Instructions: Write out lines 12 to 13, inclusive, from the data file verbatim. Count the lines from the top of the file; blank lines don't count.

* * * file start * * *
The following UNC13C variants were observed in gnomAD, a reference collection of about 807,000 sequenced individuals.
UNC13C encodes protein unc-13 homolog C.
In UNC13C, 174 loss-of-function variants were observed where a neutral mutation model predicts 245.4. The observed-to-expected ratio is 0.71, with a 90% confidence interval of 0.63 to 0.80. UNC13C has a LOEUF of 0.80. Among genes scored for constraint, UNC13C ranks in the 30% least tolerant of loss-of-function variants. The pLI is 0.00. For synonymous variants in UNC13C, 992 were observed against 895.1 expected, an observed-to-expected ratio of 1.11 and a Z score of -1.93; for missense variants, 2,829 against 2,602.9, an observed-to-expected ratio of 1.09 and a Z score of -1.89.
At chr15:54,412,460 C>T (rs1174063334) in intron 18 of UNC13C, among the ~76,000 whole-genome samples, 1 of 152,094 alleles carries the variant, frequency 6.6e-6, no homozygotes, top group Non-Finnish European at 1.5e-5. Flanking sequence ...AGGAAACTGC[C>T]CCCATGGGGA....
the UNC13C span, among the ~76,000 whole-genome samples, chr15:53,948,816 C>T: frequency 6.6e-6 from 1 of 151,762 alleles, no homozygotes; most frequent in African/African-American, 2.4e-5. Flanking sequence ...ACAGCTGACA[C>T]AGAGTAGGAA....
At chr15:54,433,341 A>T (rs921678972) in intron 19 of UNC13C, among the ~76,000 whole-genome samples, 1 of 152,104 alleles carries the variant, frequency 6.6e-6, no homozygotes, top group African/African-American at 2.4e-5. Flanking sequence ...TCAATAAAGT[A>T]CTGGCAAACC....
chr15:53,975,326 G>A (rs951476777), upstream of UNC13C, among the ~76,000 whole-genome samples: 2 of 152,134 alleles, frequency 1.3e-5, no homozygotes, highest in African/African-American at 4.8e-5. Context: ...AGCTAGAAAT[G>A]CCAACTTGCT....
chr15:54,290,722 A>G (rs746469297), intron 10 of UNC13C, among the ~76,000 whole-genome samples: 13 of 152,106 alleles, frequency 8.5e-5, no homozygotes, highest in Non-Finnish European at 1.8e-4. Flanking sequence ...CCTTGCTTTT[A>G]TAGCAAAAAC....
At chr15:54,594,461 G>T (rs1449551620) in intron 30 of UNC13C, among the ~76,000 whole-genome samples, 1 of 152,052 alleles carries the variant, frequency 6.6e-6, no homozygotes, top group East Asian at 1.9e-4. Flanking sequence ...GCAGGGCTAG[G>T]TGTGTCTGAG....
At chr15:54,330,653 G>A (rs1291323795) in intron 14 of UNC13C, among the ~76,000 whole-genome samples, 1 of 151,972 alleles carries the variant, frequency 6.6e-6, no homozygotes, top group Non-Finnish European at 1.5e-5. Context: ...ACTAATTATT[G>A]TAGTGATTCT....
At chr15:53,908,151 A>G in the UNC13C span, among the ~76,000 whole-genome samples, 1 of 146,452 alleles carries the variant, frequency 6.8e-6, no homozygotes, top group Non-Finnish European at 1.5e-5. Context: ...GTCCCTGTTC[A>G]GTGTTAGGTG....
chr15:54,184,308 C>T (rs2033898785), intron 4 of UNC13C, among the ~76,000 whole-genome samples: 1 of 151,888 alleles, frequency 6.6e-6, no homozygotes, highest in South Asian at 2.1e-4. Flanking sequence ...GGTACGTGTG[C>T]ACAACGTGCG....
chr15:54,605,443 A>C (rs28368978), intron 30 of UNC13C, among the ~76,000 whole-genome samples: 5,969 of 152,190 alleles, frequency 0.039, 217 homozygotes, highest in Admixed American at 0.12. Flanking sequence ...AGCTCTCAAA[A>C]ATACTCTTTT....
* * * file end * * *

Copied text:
chr15:54,184,308 C>T (rs2033898785), intron 4 of UNC13C, among the ~76,000 whole-genome samples: 1 of 151,888 alleles, frequency 6.6e-6, no homozygotes, highest in South Asian at 2.1e-4. Flanking sequence ...GGTACGTGTG[C>T]ACAACGTGCG....
chr15:54,605,443 A>C (rs28368978), intron 30 of UNC13C, among the ~76,000 whole-genome samples: 5,969 of 152,190 alleles, frequency 0.039, 217 homozygotes, highest in Admixed American at 0.12. Flanking sequence ...AGCTCTCAAA[A>C]ATACTCTTTT....